Samsung's also packed a bunch of smaller tweaks into the Samsung Notes app, and while there's nothing here that's revolutionary, they all help Samsung Notes feel even more fleshed out than it already was. Notes can now be organized in desktop-like folders for vastly better organization. There's a new PDF import tool for quickly annotating files and an Auto Straighten feature that automatically straightens out your handwriting with the tap of a button.
One of the flashier additions is Audio Bookmark, which works when you're jotting down notes while recording audio from a business call, lecture, etc. Once the recording is complete, you can tap on any notes you took during it and jump to that section of the recording. It's a very specific feature that a lot of folks may completely ignore, but it's honestly quite handy and could prove to be a lifesaver during especially long Zoom calls.
Here's the thing. Even though the reduced latency isn't super noticeable and the new Air Actions are disappointing, the S Pen was already the best stylus available for a smartphone. Even if Samsung only made it marginally better, it already had an incredible foundation to begin with. There's nothing here that'll completely change your mind about the S Pen if you already weren't a fan of it, but if it's a tool you've relied on for years, the Note 20 Ultra offers the best experience you can get for it.
The S Pen — Daniel's take
Because of how much space the camera housing takes up on the right side of the phone, Samsung moved the S Pen's housing to the left side of the phone's underside, next to the bottom-firing speaker and the USB-C port. A lot of people have complained about how this interrupts muscle memory or that it's not ideal for right-handed users. These are all true, and it's also true that even if you're coming from another Galaxy Note, you'll likely get used to it within a couple of days. I did.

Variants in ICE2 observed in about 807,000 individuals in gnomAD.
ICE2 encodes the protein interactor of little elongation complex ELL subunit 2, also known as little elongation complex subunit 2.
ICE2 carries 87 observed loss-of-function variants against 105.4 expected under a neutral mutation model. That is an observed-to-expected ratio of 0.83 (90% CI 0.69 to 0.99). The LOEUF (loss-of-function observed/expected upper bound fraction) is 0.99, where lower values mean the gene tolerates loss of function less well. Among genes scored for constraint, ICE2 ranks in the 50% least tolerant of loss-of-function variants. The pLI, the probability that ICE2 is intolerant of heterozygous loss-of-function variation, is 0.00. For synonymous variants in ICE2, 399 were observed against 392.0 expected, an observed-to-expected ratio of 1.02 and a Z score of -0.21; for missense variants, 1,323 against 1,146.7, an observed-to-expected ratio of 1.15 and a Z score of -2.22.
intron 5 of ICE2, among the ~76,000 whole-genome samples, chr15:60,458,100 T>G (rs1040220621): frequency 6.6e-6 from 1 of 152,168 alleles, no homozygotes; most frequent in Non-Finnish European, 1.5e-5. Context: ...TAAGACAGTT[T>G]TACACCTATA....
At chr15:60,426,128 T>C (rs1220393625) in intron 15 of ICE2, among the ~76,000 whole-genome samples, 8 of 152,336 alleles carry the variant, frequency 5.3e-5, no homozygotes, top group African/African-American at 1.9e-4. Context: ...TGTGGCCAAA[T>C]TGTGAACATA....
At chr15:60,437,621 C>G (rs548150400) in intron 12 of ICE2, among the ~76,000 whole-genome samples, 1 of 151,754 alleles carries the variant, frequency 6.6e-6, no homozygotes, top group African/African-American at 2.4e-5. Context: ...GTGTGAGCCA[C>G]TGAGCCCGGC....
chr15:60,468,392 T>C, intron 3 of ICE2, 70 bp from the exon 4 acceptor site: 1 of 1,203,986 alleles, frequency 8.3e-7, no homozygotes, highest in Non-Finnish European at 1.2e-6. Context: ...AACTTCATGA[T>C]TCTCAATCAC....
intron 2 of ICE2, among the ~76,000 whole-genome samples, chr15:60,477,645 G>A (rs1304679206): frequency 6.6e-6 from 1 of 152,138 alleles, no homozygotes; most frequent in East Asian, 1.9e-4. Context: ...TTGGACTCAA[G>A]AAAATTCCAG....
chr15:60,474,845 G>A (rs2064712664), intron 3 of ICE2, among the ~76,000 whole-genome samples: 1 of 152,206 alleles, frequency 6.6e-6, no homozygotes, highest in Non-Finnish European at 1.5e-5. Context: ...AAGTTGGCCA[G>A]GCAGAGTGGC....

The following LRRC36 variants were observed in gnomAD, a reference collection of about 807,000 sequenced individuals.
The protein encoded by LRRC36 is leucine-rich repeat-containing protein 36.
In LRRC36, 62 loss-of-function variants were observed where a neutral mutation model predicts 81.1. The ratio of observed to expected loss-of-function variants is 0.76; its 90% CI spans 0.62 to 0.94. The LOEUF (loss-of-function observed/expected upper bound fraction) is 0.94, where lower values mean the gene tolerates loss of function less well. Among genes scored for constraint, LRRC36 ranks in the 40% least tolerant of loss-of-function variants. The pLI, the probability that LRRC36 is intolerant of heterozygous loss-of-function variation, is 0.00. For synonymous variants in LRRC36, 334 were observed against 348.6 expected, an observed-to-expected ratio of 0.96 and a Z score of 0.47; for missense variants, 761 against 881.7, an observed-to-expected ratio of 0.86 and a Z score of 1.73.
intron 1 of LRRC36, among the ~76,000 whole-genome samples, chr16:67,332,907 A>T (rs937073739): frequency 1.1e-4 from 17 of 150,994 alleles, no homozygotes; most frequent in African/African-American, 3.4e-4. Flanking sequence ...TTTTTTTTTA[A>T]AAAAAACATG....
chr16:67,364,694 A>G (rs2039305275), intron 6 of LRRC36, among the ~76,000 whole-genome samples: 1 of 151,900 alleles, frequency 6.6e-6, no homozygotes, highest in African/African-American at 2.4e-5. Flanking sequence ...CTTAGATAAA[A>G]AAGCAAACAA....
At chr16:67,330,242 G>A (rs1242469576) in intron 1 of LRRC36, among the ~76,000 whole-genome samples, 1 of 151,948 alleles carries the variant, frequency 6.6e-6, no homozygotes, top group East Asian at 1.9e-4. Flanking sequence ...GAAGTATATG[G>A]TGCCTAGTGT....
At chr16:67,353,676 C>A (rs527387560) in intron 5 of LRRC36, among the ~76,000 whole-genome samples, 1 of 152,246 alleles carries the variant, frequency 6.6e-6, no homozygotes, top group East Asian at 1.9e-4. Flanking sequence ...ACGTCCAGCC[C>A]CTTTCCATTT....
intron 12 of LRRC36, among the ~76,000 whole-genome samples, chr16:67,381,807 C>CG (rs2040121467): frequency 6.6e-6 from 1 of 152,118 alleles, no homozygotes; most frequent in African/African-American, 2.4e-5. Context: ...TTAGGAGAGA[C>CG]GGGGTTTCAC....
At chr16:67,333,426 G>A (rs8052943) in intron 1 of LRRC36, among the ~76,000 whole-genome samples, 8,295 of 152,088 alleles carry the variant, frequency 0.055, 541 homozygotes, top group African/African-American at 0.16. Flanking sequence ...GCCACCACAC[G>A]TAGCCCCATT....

The more meaningful thing to know about the S Pen is that, while physically identical to the one on the Note 10 series (they're interchangeable if you have one of the previous models), the Note 20 Ultra accepts input at five times lower latency than the Note 10 — 9 milliseconds versus 45ms — and less than half that of the Note 20, at 26ms. The 120Hz display also conveys that lower latency much more realistically.
In real-world usage, this means that there's considerably less lag between the time your S Pen touches the screen and when you see something happen, like a pen or brush stroke, or when navigating Samsung's One UI software.
With previous Notes, I'd always made a concerted effort to use the S Pen but got frustrated by the input lag, which got worse the more text was added to the page. Even on first-party apps like S Note, I always got the impression the phone couldn't quite keep up with me, and I heard the same sentiment expressed by students and enterprise workers alike. This time, there are no such issues; Samsung not only made the software stack more robust, as you'll see below, but the hardware can now easily keep up with whatever you want to do, be it jot quick notes, sketch a thought, or spend time making fine art in one of the supported apps.